April 2016
Howle's Hints

Finding Peace in the Outdoors

“I have said these things to you, that in me you may have peace. In the world you will have tribulation. But take heart; I have overcome the world.” ~ John 16:33 (KJESV)

The dogwoods are blooming, cattle are lowing to their newborn calves, crappie are biting, and toms are gobbling. April is a great time to be outside in rural Alabama. If you have to spend a lot of time behind a desk or staring at a computer screen, it can sometimes be difficult to find peace. When you take a few minutes to admire God’s natural handiwork, suddenly peace of mind begins to take the place of frustrations and tribulation, and the words in John 16:33 seem to line up perfectly in your mind.

Take a Chain Saw to Chinese Imports

Privet hedge was a gift imported from China. According to Mississippi State University publications, there are various species of privet, but the one most widespread in southern U.S. is Chinese privet, introduced in 1952. It is considered one of the top 10 weeds in Alabama and Georgia, and it’s considered a Category One invasive plant in Florida. This gift has turned into a curse on fence lines and hedgerows around our Southern pastures. The privet hedge produces berries that are tasty to birds and, wherever there’s a fence line or power line birds can rest, chances are good privet hedge will germinate from the seeds in the bird’s droppings.

 
  Left to right, if you are cutting large privet with a chainsaw, use protective headgear. A motorcycle helmet makes ideal head protection and dampens the noise of the chainsaw. Keep a one gallon sprayer full of a mixture of Remedy to spray privet stumps as soon as they are cut.

One way I work out frustration with the overwhelming amount of Chinese imports to this country is with an American-made chainsaw. I typically take 10-20 feet of fence line at a time and make the decision to clear that much privet each outing. Keep a pump sprayer tank handy and full of a mixture of Remedy. As you cut the privet hedge, spray the cut, exposed trunks to help prevent sprouts and suckering. By cutting the privet down to fence level, the privet can be managed by spraying more easily with a spray wand from the seat of your tractor.

This is a great time of year to attack the privet with Remedy while the shrubs are actively blooming and growing. It may require an additional treatment later in the season to spray the spots you might have missed. Spring and early summer when the privet is actively growing allows woody brush killer to travel to the plants’ root system. If the privet has grown into trees, it may be difficult to spray and you might want to cut them back with a chainsaw or use a dozer to clear the entire fence line and simply rebuild the fence.

One point of safety is to use head protection while cutting larger privet hedge with a chainsaw. The heavy weight of the limbs and pressure of the intertwined branches make some type of helmet necessary. If you don’t have a chainsaw hardhat, a motorcycle helmet works great and it helps to dampen the noise of the chainsaw. Spray the cut stumps with Remedy immediately after cutting. Later in the summer, if you see any re-growth or areas that survived the first spraying, you can more easily manage spraying the fence lines if the privet is at fence level instead of tree level.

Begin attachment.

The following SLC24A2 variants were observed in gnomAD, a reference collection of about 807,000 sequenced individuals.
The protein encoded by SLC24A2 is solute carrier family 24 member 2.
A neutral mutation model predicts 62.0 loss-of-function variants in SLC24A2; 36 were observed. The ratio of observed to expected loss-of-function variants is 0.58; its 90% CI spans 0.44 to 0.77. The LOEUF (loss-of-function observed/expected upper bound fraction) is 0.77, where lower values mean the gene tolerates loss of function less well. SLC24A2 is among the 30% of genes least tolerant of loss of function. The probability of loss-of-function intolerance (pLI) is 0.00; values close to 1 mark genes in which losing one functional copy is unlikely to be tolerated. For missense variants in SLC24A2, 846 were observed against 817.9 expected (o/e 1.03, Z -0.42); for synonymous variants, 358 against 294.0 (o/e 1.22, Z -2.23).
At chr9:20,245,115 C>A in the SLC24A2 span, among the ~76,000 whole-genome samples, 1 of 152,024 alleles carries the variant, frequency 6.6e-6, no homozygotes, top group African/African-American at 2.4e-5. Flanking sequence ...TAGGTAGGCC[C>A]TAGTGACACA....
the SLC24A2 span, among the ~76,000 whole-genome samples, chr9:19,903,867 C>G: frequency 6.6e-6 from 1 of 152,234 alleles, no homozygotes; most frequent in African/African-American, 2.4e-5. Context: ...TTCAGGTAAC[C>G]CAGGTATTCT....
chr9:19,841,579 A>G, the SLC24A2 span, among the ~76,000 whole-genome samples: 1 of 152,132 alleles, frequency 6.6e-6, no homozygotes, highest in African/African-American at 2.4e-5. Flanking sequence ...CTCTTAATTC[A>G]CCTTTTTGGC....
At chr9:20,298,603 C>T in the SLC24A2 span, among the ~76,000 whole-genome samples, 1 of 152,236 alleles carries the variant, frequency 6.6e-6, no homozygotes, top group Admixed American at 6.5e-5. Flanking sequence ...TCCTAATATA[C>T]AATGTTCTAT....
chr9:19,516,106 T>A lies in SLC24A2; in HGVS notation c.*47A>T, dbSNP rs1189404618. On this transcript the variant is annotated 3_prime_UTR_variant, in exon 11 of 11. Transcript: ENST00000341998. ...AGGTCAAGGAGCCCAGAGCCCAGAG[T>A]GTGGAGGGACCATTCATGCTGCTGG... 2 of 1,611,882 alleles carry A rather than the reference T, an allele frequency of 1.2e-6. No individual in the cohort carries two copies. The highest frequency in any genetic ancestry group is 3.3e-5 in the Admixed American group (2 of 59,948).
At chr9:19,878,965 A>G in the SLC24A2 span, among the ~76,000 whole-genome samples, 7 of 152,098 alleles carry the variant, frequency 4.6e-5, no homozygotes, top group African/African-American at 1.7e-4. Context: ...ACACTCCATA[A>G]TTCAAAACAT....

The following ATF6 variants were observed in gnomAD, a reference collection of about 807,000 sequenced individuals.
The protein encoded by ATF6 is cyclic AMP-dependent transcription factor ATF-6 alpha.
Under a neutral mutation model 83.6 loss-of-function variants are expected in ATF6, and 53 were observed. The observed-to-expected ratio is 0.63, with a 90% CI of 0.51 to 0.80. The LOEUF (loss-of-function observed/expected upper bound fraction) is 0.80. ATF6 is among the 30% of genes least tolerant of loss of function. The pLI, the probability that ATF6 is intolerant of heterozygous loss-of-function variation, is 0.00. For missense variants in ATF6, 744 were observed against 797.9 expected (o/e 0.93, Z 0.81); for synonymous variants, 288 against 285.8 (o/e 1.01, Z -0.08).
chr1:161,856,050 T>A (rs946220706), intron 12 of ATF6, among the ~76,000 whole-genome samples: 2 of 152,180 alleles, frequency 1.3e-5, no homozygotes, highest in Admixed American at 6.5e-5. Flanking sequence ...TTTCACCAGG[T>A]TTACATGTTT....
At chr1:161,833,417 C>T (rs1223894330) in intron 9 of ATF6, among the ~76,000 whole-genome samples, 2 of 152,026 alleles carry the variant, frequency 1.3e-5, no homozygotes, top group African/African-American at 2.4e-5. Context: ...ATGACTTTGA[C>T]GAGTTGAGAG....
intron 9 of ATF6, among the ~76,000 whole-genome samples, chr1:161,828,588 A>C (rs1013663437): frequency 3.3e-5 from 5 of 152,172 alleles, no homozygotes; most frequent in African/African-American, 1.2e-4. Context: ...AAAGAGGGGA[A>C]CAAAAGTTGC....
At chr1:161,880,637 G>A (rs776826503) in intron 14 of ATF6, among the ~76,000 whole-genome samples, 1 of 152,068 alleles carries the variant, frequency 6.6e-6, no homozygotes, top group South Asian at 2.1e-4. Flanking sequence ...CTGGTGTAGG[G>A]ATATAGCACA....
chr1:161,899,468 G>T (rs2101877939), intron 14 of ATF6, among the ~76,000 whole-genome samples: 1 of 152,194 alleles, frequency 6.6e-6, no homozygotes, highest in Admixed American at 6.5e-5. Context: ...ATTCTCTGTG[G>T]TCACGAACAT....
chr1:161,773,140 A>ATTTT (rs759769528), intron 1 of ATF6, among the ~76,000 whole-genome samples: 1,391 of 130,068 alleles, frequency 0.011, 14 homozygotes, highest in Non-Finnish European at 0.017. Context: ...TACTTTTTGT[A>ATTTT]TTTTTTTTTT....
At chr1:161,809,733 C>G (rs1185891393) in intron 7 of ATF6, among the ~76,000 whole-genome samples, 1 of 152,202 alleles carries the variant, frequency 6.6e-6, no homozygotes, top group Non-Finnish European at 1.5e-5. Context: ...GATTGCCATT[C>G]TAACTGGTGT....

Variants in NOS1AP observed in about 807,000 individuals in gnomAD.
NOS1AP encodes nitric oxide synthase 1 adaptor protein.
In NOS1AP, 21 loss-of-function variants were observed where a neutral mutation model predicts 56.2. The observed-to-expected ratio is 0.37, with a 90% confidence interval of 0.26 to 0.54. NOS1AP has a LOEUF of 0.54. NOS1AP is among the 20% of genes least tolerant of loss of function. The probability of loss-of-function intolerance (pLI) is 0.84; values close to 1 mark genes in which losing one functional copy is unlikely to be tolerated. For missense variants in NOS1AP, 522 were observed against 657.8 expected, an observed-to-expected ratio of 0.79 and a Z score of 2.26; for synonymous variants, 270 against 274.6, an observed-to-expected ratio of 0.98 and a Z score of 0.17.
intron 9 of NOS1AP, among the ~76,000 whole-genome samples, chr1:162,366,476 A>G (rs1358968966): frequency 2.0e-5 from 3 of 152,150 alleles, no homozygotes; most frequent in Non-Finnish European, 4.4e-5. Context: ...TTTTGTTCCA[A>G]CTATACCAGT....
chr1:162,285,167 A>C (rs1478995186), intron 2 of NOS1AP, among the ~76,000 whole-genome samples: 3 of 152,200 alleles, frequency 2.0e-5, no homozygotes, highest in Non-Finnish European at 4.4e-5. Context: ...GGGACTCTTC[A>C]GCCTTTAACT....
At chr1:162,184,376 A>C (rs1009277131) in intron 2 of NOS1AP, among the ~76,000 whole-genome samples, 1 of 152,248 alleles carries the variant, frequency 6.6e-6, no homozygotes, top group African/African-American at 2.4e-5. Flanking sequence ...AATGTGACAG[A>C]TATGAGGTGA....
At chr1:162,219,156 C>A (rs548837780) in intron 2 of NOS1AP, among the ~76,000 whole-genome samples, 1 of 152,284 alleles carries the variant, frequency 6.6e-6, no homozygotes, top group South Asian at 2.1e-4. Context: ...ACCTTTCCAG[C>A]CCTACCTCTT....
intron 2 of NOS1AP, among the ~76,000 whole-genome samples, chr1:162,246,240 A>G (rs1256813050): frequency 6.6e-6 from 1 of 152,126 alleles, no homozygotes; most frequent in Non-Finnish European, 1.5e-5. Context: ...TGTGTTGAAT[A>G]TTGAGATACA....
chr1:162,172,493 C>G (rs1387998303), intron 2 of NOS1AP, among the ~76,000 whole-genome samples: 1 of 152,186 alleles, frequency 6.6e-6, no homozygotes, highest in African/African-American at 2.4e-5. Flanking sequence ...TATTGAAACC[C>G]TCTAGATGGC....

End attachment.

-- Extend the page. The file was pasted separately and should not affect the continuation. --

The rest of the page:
Master the Mineral Question

This time of year, grass tetany is a potential threat to any herd of cattle. Your local Quality Co-op is the best source of minerals for your herd to guarantee the cattle are getting plenty of magnesium and calcium during the quick growth period of grasses. Quick growth combined with cloudy days means the grasses may be growing too fast to absorb an adequate amount of minerals in the leaf material to make sure the livestock are getting the necessary nutrients. Your qualified personnel at the Co-op will provide you with a mineral mixture to keep your herd healthy.

A come-along winch is an ideal farm tool for light towing, pulling heavy objects into place, or tightening cables or fence lines.  

Come-Along for Extra Pulling Power

A hand ratchet come-along is a handy device to keep in the toolbox of your pickup. The come-along has a hook on each end and is operated by a hand ratchet lever. We have cables that go across the creeks to act as supports for attaching wire or panels to keep cows from getting out of the pasture through the creeks. If these cables need re-attaching or tightening, a come-along works well to tighten bulky items such as cable. Simply attach one end of the come-along to the cable and the other end to a stable object such as the tow hook on the front of your truck or rear bumper.

Tame the Smoke with a Tee-Pee Fire

About the only disadvantage to a campfire is the smoke that sometimes gets in your eyes if you are sitting around the fire. If you arrange your logs in a tee-pee style as they are burning, the draft of the flames carries the smoke upwards with the flames and away from the eyes of those sitting around the fire.

This April, make sure you take time away from work to experience true peace. Turn off the computers, smart phones and televisions, and enjoy God’s handiwork in the outdoors.

John Howle is a freelance writer from Heflin.